Translanguaging and teacher authority


  • Dr. Katie Brubacher University of Alberta
  • Sarah Harper University of Alberta



translanguaging, dialogue, Freire, peer support, liminal spaces


The purpose of the paper is to understand the connection between teacher authority and children’s language use. The data presented here was pulled from two large data sources: a set of case-studies in Grades 4 to 6 classrooms with multilingual children who were new to Canada and learning to read and write for the first time and qualitative research in a teacher education program preparing teacher candidates to educate multilingual students. Findings suggest that children translanguage in liminal spaces outside of the teachers’ authority and that multilingual students that were asked to translanguage in English authority classrooms had negative experiences.

Author Biographies

Dr. Katie Brubacher, University of Alberta

Dr. Katie Brubacher is an Assistant Professor at the University of Alberta; however, she completed the fieldwork while a graduate student at the Ontario Institute for Studies in Education (OISE), University of Toronto. Katie has recently left her career as a teacher of almost twenty years working with multilingual children in the Ontario elementary schools to work in teacher education. Her research focuses both on children who are new to Canada and learning to read and write for the first time beyond the primary years as well as teacher education for working with multilingual students in K to 12.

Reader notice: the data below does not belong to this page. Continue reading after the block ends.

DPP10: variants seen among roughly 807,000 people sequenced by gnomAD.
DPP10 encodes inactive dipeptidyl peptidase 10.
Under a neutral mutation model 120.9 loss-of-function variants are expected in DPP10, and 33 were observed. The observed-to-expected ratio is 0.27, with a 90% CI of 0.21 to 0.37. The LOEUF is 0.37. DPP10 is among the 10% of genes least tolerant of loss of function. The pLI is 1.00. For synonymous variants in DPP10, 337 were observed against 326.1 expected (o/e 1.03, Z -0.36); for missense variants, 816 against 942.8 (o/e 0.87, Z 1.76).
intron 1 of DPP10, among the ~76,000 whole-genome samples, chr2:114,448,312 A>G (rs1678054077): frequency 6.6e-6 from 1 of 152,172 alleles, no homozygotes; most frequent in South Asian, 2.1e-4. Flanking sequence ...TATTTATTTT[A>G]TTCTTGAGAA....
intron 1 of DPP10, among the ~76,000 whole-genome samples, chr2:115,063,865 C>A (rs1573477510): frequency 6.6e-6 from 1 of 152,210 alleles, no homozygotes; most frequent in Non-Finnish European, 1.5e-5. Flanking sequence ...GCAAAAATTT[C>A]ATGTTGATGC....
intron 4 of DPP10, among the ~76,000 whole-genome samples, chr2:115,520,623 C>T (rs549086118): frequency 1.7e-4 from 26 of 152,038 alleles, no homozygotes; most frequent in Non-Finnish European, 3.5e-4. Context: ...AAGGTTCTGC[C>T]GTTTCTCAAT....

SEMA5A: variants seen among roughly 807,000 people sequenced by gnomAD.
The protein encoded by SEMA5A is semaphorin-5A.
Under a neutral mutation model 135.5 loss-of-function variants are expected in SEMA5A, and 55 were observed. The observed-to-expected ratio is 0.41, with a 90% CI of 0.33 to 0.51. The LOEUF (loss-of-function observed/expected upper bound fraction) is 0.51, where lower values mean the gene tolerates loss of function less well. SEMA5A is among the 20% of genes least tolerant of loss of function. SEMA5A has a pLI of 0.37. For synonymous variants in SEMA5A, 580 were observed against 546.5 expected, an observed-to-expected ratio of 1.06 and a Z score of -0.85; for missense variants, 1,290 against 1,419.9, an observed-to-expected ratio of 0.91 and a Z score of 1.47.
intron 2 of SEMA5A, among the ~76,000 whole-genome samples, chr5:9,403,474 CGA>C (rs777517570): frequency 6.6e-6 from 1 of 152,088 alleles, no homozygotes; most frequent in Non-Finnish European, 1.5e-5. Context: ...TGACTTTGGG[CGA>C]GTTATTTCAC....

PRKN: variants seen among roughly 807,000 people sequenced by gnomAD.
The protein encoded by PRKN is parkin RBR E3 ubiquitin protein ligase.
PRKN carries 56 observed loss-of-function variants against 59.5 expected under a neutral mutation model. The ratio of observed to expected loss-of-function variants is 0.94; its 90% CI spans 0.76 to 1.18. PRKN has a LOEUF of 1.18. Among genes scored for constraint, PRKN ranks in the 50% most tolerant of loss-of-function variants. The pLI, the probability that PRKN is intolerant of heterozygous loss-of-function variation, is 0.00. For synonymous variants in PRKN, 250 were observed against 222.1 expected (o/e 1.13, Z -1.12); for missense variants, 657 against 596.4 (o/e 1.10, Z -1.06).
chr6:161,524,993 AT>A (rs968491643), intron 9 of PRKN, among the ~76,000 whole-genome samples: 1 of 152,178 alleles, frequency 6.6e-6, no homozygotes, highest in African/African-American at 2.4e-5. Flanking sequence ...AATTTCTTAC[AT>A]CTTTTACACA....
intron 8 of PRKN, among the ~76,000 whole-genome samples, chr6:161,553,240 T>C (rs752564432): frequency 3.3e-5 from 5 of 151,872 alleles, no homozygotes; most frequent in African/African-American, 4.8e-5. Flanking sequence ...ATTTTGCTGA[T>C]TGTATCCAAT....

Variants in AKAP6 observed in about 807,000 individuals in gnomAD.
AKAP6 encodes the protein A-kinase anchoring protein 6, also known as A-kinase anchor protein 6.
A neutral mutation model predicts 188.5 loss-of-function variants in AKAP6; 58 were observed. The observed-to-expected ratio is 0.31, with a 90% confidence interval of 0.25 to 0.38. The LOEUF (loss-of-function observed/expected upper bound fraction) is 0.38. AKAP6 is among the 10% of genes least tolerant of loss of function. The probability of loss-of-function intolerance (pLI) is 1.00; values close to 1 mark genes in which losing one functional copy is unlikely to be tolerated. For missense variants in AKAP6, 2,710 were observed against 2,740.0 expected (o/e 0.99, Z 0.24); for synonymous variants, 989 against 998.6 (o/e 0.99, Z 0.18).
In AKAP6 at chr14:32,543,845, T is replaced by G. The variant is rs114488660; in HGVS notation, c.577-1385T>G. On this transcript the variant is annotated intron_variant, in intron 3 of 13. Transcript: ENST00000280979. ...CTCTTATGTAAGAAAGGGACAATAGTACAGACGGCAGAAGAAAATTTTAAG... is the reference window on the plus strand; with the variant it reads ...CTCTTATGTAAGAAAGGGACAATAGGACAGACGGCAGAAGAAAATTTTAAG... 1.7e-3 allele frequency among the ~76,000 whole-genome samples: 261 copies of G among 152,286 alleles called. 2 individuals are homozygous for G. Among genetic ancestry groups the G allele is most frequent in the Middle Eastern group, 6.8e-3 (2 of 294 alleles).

Sarah Harper, University of Alberta

Sarah Harper is an artist, museum educator, and researcher focused on heritage museums and community arts institutions. She is a scholar from Arkansas. She attended the University of North Texas to study art and museum education and is currently pursuing a PhD with the University of Alberta. Her work has explored topics including how teaching challenging arts skills benefits low-income students and how the unique strengths-based hiring practices of smaller heritage museums can benefit larger arts institutions. Her current research examines how community arts programming that highlights language, communication and cultures can benefit newcomers to Canada.




How to Cite

Brubacher, K., & Harper, S. (2024). Translanguaging and teacher authority. Language and Literacy, 26(2), 3–17.